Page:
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Joint swelling

Swelling of a joint

 

Joint swelling is the buildup of fluid in the soft tissue surrounding the joint.

Considerations

 

Joint swelling may occur along with joint pain. The swelling may cause the joint to appear larger or abnormally shaped.

Joint swelling can cause pain or stiffness. After an injury, swelling of the joint may mean you have a broken bone or a tear in the muscle tendon or ligament.

Many different types of arthritis may cause swelling, redness, or warmth around the joint.

An infection in the joint can cause swelling, pain, and fever.

 

Causes

 

Joint swelling may be caused by different conditions, including:

  • Ankylosing spondylitis
  • Gout
  • Osteoarthritis
  • Pseudogout
  • Psoriatic arthritis
  • Reactive arthritis
  • Rheumatoid arthritis
  • Septic arthritis
  • Systemic lupus erythematosus

 

Home Care

 

If joint swelling occurs after an injury, apply ice packs to reduce pain and swelling. Raise the swollen joint so that it is higher than your heart, if possible. For example, if your ankle is swollen, lay down with pillows comfortably placed under your foot so that your ankle and leg are slightly raised.

If you have arthritis, follow your health care provider's treatment plan.

 

When to Contact a Medical Professional

 

Call your health care provider right away if you have joint pain and swelling with a fever.

Also call your health care provider if you have:

  • Unexplained joint swelling
  • Joint swelling after an injury

 

What to Expect at Your Office Visit

 

Your health care provider will examine you. The joint will be closely examined. You will be asked about your joint swelling, such as when it began, how long it has lasted, and whether you have it all the time or only at certain times. You may also be asked what you have tried at home to relieve the swelling.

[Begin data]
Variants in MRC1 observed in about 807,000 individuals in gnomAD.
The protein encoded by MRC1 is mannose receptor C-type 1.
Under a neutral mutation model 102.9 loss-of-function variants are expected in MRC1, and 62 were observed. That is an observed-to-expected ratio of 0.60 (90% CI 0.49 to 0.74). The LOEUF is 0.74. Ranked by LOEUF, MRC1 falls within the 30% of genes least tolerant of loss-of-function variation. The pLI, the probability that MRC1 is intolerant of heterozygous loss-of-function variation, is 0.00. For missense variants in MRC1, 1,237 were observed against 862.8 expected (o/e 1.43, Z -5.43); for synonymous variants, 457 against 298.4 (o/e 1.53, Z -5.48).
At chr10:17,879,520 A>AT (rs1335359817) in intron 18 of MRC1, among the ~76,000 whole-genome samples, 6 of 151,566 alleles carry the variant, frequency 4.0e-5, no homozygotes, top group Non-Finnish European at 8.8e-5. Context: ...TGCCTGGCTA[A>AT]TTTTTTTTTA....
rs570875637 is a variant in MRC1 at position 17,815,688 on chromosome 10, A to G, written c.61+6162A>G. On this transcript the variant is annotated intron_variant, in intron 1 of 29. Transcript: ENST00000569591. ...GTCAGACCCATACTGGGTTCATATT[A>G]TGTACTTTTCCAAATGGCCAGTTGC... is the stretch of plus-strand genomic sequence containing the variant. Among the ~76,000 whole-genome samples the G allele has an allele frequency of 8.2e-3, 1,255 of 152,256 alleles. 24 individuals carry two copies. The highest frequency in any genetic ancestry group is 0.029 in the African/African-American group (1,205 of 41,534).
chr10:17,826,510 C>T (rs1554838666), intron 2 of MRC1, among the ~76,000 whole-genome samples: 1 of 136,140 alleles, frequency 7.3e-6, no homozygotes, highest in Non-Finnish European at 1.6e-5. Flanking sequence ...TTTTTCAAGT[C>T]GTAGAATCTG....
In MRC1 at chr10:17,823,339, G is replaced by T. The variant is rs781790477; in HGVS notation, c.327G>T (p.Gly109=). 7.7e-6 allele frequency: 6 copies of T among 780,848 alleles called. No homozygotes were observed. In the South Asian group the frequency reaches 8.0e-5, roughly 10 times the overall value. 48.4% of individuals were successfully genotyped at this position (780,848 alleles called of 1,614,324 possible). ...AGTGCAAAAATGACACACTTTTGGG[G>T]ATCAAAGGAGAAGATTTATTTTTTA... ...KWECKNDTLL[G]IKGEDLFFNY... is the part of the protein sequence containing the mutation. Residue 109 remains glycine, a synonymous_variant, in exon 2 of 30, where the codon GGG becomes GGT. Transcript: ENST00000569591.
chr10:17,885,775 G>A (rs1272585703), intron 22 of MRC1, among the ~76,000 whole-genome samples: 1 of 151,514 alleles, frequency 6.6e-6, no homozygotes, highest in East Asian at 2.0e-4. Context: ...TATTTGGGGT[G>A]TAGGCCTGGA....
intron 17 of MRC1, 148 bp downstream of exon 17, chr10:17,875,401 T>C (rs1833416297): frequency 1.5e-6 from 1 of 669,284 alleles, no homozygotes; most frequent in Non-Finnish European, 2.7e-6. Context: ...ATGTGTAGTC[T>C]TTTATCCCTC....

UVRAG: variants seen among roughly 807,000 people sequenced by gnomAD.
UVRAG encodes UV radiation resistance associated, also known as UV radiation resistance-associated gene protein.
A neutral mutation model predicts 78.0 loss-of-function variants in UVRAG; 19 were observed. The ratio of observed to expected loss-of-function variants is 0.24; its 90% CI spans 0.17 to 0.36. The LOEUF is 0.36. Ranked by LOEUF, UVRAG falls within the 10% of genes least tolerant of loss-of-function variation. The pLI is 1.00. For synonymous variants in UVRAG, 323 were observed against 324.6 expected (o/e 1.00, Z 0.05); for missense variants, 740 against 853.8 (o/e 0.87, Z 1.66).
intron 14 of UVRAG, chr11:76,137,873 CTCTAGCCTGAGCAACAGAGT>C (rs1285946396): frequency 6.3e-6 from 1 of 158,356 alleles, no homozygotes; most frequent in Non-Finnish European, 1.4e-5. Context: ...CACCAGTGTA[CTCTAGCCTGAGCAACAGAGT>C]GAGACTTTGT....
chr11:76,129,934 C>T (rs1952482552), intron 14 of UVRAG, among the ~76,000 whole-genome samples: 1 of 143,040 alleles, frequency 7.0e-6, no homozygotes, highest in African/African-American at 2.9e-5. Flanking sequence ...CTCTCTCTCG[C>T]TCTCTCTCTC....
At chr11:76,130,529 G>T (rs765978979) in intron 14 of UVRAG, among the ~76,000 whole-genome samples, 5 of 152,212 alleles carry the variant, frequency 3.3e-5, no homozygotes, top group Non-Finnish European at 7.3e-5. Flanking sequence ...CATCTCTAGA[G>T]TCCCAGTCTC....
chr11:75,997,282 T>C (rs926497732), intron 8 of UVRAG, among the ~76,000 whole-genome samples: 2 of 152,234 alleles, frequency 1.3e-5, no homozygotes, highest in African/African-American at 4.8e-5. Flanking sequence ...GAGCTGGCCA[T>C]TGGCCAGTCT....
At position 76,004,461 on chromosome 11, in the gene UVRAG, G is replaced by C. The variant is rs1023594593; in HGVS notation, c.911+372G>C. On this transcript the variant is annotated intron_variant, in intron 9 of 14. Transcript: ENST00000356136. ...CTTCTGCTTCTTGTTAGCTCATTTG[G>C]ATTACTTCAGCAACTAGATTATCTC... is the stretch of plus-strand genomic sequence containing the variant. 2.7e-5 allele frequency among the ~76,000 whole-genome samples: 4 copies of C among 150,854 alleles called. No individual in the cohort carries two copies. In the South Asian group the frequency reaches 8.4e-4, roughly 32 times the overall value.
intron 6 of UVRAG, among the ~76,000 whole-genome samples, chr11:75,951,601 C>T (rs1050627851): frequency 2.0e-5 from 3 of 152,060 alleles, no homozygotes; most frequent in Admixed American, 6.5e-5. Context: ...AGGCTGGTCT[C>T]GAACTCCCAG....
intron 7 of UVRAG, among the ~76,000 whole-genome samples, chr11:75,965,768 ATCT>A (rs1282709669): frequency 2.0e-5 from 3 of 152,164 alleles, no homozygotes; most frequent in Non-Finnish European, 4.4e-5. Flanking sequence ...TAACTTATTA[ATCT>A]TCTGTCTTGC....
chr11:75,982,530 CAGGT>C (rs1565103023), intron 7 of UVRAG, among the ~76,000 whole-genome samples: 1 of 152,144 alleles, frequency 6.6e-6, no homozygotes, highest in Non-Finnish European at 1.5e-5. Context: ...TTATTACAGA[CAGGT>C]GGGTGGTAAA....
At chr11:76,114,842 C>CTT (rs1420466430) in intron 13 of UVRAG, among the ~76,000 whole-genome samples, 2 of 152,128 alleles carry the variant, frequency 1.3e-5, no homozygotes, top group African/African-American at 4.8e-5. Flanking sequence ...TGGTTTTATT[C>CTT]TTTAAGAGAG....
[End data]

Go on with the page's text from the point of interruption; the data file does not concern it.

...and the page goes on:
Tests to diagnose the cause of joint swelling may include:

  • Blood tests
  • Joint x-rays
  • Joint aspiration and examination of joint fluid

Physical therapy for muscle and joint rehabilitation may be recommended.

 

 

References

Davis JM III, Moder KG, Hunder GG. History and physical examination of the musculoskeletal system. In: Firestein GS, Budd RC, Gabriel SE, et al., eds. Kelly's Textbook of Rheumatology. 9th ed. Philadelphia, PA: Saunders Elsevier; 2012:chap 40.

Lane NE, Schnitzer TJ. Osteoarthritis. In: Goldman L, Shafer AI, eds. Goldman's Cecil Medicine. 24th ed. Philadelphia, PA: Saunders Elsevier; 2011:chap 270.

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  • The structure of a joint

    The structure of a joint

    illustration

    • The structure of a joint

      The structure of a joint

      illustration

    A Closer Look

     

      Talking to your MD

       

        Self Care

         

          Tests for Joint swelling

           
           

          Review Date: 8/17/2014

          Reviewed By: Linda J. Vorvick, MD, Medical Director and Director of Didactic Curriculum, MEDEX Northwest Division of Physician Assistant Studies, Department of Family Medicine, UW Medicine, School of Medicine, University of Washington, Seattle, WA. Also reviewed by David Zieve, MD, MHA, Isla Ogilvie, PhD, and the A.D.A.M. Editorial team.

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